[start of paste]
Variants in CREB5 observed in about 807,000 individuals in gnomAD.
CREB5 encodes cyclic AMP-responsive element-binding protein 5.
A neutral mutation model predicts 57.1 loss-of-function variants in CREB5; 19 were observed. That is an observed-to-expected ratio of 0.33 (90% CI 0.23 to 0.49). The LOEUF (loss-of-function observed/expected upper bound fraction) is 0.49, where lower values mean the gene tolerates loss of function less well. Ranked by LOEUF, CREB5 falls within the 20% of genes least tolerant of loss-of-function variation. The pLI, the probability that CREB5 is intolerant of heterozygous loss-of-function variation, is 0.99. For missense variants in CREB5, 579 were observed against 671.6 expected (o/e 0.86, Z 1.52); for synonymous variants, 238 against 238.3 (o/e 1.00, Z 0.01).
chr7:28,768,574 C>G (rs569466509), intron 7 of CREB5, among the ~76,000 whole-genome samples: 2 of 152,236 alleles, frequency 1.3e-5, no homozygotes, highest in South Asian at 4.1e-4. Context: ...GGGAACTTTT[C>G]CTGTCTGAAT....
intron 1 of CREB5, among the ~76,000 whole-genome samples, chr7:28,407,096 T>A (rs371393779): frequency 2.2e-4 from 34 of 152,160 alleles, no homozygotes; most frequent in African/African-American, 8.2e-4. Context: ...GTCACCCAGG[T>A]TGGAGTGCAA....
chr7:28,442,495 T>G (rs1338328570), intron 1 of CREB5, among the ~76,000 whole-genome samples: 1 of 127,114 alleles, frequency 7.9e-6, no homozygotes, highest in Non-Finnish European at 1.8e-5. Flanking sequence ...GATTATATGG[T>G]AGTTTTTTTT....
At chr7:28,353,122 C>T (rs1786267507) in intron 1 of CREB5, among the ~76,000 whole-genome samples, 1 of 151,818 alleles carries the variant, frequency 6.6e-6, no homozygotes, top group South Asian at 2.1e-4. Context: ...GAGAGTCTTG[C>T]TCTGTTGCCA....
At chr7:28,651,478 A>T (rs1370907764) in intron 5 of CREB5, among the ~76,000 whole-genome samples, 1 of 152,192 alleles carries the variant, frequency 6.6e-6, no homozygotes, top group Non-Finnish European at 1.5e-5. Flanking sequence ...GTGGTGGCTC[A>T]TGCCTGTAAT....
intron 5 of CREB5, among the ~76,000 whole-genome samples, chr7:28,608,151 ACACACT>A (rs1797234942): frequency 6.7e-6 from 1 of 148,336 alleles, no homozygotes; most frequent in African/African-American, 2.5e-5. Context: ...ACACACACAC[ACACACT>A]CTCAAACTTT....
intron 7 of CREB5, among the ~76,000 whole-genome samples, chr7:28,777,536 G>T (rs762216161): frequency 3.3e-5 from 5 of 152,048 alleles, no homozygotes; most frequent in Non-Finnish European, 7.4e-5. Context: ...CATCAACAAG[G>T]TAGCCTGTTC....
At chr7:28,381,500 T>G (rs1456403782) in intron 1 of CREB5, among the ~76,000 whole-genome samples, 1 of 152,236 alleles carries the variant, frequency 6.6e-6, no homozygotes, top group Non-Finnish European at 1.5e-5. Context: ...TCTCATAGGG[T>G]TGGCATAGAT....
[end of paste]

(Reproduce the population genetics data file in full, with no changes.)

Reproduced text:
Variants in CREB5 observed in about 807,000 individuals in gnomAD.
CREB5 encodes cyclic AMP-responsive element-binding protein 5.
A neutral mutation model predicts 57.1 loss-of-function variants in CREB5; 19 were observed. That is an observed-to-expected ratio of 0.33 (90% CI 0.23 to 0.49). The LOEUF (loss-of-function observed/expected upper bound fraction) is 0.49, where lower values mean the gene tolerates loss of function less well. Ranked by LOEUF, CREB5 falls within the 20% of genes least tolerant of loss-of-function variation. The pLI, the probability that CREB5 is intolerant of heterozygous loss-of-function variation, is 0.99. For missense variants in CREB5, 579 were observed against 671.6 expected (o/e 0.86, Z 1.52); for synonymous variants, 238 against 238.3 (o/e 1.00, Z 0.01).
chr7:28,768,574 C>G (rs569466509), intron 7 of CREB5, among the ~76,000 whole-genome samples: 2 of 152,236 alleles, frequency 1.3e-5, no homozygotes, highest in South Asian at 4.1e-4. Context: ...GGGAACTTTT[C>G]CTGTCTGAAT....
intron 1 of CREB5, among the ~76,000 whole-genome samples, chr7:28,407,096 T>A (rs371393779): frequency 2.2e-4 from 34 of 152,160 alleles, no homozygotes; most frequent in African/African-American, 8.2e-4. Context: ...GTCACCCAGG[T>A]TGGAGTGCAA....
chr7:28,442,495 T>G (rs1338328570), intron 1 of CREB5, among the ~76,000 whole-genome samples: 1 of 127,114 alleles, frequency 7.9e-6, no homozygotes, highest in Non-Finnish European at 1.8e-5. Flanking sequence ...GATTATATGG[T>G]AGTTTTTTTT....
At chr7:28,353,122 C>T (rs1786267507) in intron 1 of CREB5, among the ~76,000 whole-genome samples, 1 of 151,818 alleles carries the variant, frequency 6.6e-6, no homozygotes, top group South Asian at 2.1e-4. Context: ...GAGAGTCTTG[C>T]TCTGTTGCCA....
At chr7:28,651,478 A>T (rs1370907764) in intron 5 of CREB5, among the ~76,000 whole-genome samples, 1 of 152,192 alleles carries the variant, frequency 6.6e-6, no homozygotes, top group Non-Finnish European at 1.5e-5. Flanking sequence ...GTGGTGGCTC[A>T]TGCCTGTAAT....
intron 5 of CREB5, among the ~76,000 whole-genome samples, chr7:28,608,151 ACACACT>A (rs1797234942): frequency 6.7e-6 from 1 of 148,336 alleles, no homozygotes; most frequent in African/African-American, 2.5e-5. Context: ...ACACACACAC[ACACACT>A]CTCAAACTTT....
intron 7 of CREB5, among the ~76,000 whole-genome samples, chr7:28,777,536 G>T (rs762216161): frequency 3.3e-5 from 5 of 152,048 alleles, no homozygotes; most frequent in Non-Finnish European, 7.4e-5. Context: ...CATCAACAAG[G>T]TAGCCTGTTC....
At chr7:28,381,500 T>G (rs1456403782) in intron 1 of CREB5, among the ~76,000 whole-genome samples, 1 of 152,236 alleles carries the variant, frequency 6.6e-6, no homozygotes, top group Non-Finnish European at 1.5e-5. Context: ...TCTCATAGGG[T>G]TGGCATAGAT....